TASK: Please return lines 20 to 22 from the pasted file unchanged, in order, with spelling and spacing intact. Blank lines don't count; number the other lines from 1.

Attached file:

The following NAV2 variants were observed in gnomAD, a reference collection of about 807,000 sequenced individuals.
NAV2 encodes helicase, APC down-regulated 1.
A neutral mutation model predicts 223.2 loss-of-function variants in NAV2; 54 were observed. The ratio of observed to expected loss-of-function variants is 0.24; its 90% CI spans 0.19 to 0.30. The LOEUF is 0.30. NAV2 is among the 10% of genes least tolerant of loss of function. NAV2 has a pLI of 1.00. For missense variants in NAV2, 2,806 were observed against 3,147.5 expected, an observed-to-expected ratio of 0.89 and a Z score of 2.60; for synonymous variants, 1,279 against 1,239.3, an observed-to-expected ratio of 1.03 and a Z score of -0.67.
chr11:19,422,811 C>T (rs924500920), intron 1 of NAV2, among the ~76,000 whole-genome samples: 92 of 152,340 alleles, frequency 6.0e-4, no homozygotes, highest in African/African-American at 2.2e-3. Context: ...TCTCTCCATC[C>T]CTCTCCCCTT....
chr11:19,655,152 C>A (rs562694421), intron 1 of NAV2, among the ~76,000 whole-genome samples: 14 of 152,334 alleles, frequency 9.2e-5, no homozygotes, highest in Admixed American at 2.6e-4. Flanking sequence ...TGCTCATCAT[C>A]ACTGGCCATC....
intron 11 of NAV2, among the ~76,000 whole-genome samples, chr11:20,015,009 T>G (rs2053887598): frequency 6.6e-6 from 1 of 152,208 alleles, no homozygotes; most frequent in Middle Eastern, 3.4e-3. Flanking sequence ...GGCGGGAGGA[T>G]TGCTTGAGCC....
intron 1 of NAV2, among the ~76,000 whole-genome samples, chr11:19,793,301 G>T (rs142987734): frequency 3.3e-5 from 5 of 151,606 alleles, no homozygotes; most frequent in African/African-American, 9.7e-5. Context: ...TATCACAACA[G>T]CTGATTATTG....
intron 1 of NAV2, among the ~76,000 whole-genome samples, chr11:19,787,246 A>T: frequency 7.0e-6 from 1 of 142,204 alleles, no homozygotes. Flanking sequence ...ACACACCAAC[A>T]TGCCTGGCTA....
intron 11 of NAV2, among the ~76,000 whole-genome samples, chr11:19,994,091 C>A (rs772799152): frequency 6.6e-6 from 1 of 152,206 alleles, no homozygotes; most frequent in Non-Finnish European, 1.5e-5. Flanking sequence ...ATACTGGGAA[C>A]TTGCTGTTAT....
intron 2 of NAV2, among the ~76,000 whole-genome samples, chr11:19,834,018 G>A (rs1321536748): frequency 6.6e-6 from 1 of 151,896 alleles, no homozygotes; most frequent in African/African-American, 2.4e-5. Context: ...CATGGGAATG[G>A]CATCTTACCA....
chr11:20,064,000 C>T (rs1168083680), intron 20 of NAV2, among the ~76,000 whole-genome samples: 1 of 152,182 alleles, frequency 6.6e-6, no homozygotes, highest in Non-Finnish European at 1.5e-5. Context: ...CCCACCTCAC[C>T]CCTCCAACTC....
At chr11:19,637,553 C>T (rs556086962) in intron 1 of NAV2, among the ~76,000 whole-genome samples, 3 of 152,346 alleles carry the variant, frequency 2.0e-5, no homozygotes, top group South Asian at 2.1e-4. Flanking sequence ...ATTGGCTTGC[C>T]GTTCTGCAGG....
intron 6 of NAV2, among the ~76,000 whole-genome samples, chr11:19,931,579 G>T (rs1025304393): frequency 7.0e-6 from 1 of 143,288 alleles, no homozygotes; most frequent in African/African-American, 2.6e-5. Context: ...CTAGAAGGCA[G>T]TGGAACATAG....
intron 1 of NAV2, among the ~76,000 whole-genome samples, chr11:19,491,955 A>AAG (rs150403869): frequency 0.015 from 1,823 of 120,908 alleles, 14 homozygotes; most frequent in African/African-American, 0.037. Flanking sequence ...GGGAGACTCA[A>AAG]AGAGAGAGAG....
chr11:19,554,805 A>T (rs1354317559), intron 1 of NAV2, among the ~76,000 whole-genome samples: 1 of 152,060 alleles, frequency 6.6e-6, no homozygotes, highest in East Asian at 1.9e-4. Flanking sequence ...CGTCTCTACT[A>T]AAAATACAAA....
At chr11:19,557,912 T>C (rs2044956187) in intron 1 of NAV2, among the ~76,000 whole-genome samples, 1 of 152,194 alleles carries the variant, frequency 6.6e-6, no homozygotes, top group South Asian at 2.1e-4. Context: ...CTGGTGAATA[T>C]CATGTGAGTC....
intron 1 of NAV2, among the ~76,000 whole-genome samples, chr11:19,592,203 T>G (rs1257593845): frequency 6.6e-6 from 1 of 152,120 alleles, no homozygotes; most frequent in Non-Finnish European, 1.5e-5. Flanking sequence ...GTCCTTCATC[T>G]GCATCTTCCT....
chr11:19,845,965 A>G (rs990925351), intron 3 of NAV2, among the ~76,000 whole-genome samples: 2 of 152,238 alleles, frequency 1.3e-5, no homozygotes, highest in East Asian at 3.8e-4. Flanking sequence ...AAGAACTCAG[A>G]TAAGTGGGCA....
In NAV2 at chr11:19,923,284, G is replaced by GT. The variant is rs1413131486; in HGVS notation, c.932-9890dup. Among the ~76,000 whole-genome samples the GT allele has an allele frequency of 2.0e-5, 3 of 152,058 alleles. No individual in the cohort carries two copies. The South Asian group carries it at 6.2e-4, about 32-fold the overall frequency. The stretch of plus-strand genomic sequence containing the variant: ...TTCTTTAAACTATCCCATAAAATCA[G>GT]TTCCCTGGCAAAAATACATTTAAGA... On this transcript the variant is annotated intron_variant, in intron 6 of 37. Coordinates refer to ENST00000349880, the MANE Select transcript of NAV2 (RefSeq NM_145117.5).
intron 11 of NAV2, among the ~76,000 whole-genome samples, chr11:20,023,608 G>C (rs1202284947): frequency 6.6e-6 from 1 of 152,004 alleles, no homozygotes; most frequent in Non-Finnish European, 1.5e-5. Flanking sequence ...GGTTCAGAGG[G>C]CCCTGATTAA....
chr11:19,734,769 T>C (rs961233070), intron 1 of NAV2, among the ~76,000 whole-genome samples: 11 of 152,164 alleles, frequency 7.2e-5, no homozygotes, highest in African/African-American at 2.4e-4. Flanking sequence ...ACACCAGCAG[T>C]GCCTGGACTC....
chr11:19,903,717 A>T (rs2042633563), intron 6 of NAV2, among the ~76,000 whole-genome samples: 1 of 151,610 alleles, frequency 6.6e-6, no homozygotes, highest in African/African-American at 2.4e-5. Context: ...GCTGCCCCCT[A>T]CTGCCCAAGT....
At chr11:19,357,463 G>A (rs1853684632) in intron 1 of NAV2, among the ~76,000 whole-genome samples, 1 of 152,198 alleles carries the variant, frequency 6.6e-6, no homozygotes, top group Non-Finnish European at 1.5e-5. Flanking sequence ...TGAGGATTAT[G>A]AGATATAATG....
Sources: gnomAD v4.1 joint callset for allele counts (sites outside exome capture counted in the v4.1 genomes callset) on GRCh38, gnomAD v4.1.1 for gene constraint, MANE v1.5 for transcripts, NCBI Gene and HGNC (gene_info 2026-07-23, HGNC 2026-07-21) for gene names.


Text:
intron 11 of NAV2, among the ~76,000 whole-genome samples, chr11:20,023,608 G>C (rs1202284947): frequency 6.6e-6 from 1 of 152,004 alleles, no homozygotes; most frequent in Non-Finnish European, 1.5e-5. Flanking sequence ...GGTTCAGAGG[G>C]CCCTGATTAA....
chr11:19,734,769 T>C (rs961233070), intron 1 of NAV2, among the ~76,000 whole-genome samples: 11 of 152,164 alleles, frequency 7.2e-5, no homozygotes, highest in African/African-American at 2.4e-4. Flanking sequence ...ACACCAGCAG[T>C]GCCTGGACTC....
chr11:19,903,717 A>T (rs2042633563), intron 6 of NAV2, among the ~76,000 whole-genome samples: 1 of 151,610 alleles, frequency 6.6e-6, no homozygotes, highest in African/African-American at 2.4e-5. Context: ...GCTGCCCCCT[A>T]CTGCCCAAGT....